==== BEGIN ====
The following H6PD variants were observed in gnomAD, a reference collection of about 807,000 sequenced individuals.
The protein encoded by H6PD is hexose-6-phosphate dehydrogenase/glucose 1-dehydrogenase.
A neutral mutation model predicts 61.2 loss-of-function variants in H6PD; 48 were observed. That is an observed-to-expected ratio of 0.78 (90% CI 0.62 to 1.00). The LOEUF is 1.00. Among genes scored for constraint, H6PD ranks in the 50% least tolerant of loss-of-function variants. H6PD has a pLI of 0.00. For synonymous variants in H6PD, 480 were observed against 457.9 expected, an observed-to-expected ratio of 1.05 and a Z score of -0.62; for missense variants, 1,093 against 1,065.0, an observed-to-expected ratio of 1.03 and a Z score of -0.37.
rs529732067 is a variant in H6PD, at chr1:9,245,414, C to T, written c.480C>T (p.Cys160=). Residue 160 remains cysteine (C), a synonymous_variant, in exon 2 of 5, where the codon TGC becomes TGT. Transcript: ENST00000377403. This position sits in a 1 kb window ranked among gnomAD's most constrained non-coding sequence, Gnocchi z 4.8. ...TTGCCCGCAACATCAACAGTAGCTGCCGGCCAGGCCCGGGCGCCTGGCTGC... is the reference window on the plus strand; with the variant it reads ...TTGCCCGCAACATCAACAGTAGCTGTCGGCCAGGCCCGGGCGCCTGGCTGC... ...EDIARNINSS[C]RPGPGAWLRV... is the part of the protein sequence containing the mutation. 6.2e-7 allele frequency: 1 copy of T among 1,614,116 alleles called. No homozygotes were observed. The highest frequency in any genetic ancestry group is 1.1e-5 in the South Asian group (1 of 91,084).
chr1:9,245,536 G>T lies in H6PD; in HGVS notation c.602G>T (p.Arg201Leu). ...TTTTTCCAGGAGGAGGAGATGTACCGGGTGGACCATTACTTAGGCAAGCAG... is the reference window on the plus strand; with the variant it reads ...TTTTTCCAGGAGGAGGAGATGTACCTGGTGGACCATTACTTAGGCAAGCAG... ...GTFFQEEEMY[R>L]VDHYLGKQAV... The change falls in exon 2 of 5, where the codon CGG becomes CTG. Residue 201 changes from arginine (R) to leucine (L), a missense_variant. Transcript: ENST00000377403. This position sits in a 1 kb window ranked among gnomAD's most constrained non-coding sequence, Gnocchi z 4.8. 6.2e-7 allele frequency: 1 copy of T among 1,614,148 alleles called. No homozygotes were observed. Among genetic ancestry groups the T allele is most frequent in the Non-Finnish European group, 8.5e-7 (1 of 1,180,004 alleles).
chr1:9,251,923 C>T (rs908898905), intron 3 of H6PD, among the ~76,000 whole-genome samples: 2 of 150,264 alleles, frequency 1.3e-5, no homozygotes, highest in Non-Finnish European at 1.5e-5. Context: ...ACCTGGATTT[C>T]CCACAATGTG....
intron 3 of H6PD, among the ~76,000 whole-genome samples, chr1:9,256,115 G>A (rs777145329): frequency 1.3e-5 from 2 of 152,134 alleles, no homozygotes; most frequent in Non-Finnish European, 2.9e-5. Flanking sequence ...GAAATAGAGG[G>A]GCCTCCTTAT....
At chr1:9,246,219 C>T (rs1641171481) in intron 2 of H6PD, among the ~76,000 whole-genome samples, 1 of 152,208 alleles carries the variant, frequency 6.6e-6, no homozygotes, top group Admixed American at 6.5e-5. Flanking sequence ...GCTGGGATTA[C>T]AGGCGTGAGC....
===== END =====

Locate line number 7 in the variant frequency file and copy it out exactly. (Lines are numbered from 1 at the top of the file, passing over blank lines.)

intron 3 of H6PD, among the ~76,000 whole-genome samples, chr1:9,256,115 G>A (rs777145329): frequency 1.3e-5 from 2 of 152,134 alleles, no homozygotes; most frequent in Non-Finnish European, 2.9e-5. Flanking sequence ...GAAATAGAGG[G>A]GCCTCCTTAT....